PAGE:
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  1. Components of intonation and the structure of English intonation group.
  2. Definition of intonation
  3. Different approaches to the definition of Intonation.
  4. Functions of intonation.
  5. Intonation
  6. Intonation
  7. Intonation acquisition
  8. Intonation: approaches, definitions, functions
  9. New trends in English intonation
  10. Stress Rhyme Rhythm Intonation
  11. Studies of intonation in communicative phonetics.


5.1. Basic concepts: definitions, components

5.2. Functions of intonation

5.2.1.Syntactic function

5.2.2.Accentual function

5.2.3.Attitudinal function

5.2.4.Semantic function

5.2.5.Discourse function

5.3. Functions of prosodic features

5.3.1.Structural function

5.3.2.Social function

5.4. Universal, typological, specific features

5.4.1.Intonation grouping

5.4.2.Nucleus placement

5.4.3.Nuclear tones


5.4.5.Intonation of emotions


5.4.7.Intonation acquisition

5.5. Comparing English and Russian

5.6.New trends in English intonation



5.1. Basic concepts: definitions, components

The term intonationhas often been used interchangeably in the literature with that of prosodysince the 60-70s of the 20th century. Before that prosody was used in poetics, and intonation in linguistics.

In the British school the basic notions of prosody and intonation are defined in the following manner:

Prosody/prosodic (feature)is "a term used in suprasegmental phonetics and phonology to refer collectively to variations in pitch, loudness, tempoand rhythm"{Crystal 1980:289). Recently voice qualityhas been added to the list of prosodic features {Roach 2001:112; Hirst and Di Cristo 1998:6).

Intonationis "a term used in the study of suprasegmental phonology referring to the distinctive use of patterns of pitch,or melody" {Crystal 1980:190). "The use of pitch variation to convey meaning" {Roach 2001: 110). "The pattern of pitch changes that occurs during a phrase, which maybe a complete sentence" {Ladefoged 2003).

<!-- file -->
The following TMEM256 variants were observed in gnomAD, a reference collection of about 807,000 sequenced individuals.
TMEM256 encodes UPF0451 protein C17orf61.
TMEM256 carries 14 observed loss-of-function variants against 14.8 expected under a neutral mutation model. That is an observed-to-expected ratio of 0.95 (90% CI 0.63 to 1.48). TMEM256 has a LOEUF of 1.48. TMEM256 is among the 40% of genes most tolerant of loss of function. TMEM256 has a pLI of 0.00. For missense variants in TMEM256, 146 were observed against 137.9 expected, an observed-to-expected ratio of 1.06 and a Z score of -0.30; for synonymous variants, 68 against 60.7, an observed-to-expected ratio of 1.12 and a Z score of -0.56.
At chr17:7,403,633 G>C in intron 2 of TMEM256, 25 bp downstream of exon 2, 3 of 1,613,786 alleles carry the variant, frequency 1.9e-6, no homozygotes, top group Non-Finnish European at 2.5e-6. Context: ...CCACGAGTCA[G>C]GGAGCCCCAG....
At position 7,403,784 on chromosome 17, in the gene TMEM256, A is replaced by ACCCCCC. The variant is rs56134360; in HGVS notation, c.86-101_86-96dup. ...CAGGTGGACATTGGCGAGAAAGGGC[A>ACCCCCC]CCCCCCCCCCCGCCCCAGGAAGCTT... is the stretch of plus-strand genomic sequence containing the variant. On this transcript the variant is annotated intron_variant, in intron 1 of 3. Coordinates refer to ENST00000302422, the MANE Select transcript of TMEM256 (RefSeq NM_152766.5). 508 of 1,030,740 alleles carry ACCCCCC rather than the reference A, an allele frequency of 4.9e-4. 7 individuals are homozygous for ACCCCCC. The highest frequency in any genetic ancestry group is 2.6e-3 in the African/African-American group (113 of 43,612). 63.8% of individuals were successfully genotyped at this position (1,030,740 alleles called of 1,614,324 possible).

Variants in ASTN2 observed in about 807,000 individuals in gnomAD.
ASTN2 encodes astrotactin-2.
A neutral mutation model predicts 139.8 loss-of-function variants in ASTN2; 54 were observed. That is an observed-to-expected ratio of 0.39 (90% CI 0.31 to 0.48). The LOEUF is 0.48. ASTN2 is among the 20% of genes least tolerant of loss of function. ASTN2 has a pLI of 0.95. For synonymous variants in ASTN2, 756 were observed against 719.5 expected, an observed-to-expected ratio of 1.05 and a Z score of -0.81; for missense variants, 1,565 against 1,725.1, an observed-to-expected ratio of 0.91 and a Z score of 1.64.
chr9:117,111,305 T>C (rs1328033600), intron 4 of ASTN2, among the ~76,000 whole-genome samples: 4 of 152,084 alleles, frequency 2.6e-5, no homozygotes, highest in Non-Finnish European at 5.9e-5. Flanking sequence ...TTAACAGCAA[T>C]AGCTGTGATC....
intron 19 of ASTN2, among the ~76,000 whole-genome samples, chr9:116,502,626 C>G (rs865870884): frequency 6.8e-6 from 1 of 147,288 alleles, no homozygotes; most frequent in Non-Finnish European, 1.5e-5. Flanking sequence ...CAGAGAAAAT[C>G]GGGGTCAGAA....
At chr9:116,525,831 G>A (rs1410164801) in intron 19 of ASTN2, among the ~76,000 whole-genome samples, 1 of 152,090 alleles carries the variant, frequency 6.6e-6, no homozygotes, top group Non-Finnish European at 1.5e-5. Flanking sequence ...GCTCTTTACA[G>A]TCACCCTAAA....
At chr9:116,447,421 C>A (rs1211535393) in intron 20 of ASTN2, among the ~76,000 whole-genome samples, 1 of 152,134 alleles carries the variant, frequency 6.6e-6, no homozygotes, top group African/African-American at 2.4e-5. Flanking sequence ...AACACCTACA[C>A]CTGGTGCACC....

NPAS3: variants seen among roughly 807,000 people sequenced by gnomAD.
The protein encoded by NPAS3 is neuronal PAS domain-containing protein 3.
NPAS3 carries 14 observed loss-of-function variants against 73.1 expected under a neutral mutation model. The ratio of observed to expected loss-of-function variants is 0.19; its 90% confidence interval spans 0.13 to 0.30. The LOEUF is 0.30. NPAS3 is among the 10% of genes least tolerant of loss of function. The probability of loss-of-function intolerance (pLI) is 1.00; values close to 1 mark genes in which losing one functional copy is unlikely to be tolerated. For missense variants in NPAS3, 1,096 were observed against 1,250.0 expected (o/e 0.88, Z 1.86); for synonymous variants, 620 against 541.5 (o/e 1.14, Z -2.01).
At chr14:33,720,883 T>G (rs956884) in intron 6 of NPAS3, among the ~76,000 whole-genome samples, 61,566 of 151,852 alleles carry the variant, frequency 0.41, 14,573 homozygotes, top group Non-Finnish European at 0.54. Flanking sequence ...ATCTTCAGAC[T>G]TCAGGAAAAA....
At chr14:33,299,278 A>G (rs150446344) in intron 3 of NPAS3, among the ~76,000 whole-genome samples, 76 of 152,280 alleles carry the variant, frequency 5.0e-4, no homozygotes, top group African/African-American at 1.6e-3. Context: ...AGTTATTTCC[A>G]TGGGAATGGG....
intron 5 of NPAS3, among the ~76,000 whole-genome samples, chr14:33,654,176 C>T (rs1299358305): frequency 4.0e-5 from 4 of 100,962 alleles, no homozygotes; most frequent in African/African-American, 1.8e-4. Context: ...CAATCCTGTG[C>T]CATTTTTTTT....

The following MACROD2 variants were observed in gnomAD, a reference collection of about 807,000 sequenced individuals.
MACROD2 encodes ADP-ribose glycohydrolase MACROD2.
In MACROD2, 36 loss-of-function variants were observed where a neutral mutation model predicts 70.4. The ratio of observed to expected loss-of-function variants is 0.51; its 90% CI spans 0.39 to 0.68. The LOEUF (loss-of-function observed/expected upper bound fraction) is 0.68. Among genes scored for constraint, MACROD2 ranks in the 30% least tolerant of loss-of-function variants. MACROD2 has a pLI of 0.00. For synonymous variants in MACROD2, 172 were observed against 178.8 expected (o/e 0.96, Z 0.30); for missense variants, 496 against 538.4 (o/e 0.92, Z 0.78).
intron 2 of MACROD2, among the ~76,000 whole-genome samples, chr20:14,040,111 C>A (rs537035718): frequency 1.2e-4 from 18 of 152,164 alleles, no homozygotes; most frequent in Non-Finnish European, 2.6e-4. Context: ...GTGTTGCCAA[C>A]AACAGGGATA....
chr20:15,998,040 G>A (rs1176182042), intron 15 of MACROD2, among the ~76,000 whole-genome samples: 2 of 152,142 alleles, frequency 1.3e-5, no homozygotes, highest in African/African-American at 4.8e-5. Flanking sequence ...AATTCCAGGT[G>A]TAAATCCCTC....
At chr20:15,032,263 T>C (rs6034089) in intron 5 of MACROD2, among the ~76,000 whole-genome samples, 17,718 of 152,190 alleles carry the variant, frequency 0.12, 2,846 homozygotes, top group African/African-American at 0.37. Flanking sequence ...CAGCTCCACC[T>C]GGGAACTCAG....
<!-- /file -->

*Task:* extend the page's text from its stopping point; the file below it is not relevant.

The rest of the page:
We can see that in the British (and American) tradition intonation is associated with pitch variation, or melody, and that it has an important linguistic function of conveying meaning. Intonation starts with a phrase, a sentence, while prosody has a wider domain: from a syllable (microprosodics) to the whole text (macroprosodics).

In the Russian tradition intonation includes a greater number of components, practically all the prosodic features of speech. We might call it a wholistic approach. The most common definition in Russian phonetics is as follows:

Intonation"is a complex unity of four components, formed by communicatively relevant variations in: (1) voice pitch, or speech melody; (2) the prominence of words, or their accent; (3) the tempo (rate), rhythm and pausation of the utterance, and (4) voice-tamber, this complex unity serving to express adequately, on the basis of the proper grammatical struc­ture and lexical composition of the sentence, the speaker's or writer's thoughts, volition, emotions, feelings and attitudes towards reality and the contents of the sentence" {Vassilyev 1970:290).

Why does pitch,of all the prosodic features, come first in all the definitions? We will now have a look at the prosodic features, on the one side, and the components of intonation, on the other. We can start from David Crystal's classification of prosodic and paralinguistic features arranged according to the ranking from "most linguistic" to "least linguistic" {Crystal 1969). Here again the two features, toneand pitch range,which correspond to pitch variationrank highest as most linguistic(see Table 8).

Practically all the prosodic features, starting with pitch,are covered by the definition of intonation in the Russian tradition, including voice qualitywhich is marginal, "least linguistic", and for many British linguists used to be an outsider of linguistics called "paralinguistic". Although there is no one-to-one correspondence between intonation components and prosodic features, we can correlate speech melody with tone and pitch range; accent with loudness, which in English is inseparable from tone and tempo; tempo as a linguistic phenomenon with prosodic features of tempo and pause; timbre with voice quality.